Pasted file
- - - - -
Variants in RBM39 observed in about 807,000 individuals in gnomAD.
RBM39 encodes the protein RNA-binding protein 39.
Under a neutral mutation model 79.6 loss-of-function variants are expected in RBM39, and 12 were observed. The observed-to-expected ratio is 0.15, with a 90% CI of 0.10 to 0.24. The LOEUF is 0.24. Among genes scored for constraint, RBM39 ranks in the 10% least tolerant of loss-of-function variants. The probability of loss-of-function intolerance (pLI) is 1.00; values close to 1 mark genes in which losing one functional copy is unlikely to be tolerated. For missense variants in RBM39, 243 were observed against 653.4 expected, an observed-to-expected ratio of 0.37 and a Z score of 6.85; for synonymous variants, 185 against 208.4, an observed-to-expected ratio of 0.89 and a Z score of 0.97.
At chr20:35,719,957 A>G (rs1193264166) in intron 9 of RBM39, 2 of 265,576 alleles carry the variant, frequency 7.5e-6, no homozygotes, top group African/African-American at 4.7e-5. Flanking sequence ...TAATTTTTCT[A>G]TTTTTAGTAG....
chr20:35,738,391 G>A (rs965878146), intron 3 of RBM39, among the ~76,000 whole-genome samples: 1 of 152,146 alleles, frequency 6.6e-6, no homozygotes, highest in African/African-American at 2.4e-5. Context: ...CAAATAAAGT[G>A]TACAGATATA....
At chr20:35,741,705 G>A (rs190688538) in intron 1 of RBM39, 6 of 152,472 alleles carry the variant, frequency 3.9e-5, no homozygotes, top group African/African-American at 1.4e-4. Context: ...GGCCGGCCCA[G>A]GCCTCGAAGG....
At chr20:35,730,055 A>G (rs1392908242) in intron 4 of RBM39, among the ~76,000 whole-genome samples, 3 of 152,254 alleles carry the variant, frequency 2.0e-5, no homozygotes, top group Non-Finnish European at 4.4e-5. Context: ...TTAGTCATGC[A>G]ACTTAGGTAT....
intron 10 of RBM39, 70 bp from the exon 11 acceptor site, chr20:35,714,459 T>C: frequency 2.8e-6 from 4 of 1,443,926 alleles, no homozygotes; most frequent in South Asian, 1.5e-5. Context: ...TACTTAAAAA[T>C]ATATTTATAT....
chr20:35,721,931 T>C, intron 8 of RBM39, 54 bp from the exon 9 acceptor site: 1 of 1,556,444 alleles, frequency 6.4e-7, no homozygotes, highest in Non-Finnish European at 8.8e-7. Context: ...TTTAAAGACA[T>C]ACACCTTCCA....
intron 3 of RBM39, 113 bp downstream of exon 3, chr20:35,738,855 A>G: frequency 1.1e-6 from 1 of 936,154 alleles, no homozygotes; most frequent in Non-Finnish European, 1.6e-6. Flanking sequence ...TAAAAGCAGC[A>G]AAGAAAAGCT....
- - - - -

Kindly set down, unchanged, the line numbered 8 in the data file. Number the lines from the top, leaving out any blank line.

intron 10 of RBM39, 70 bp from the exon 11 acceptor site, chr20:35,714,459 T>C: frequency 2.8e-6 from 4 of 1,443,926 alleles, no homozygotes; most frequent in South Asian, 1.5e-5. Context: ...TACTTAAAAA[T>C]ATATTTATAT....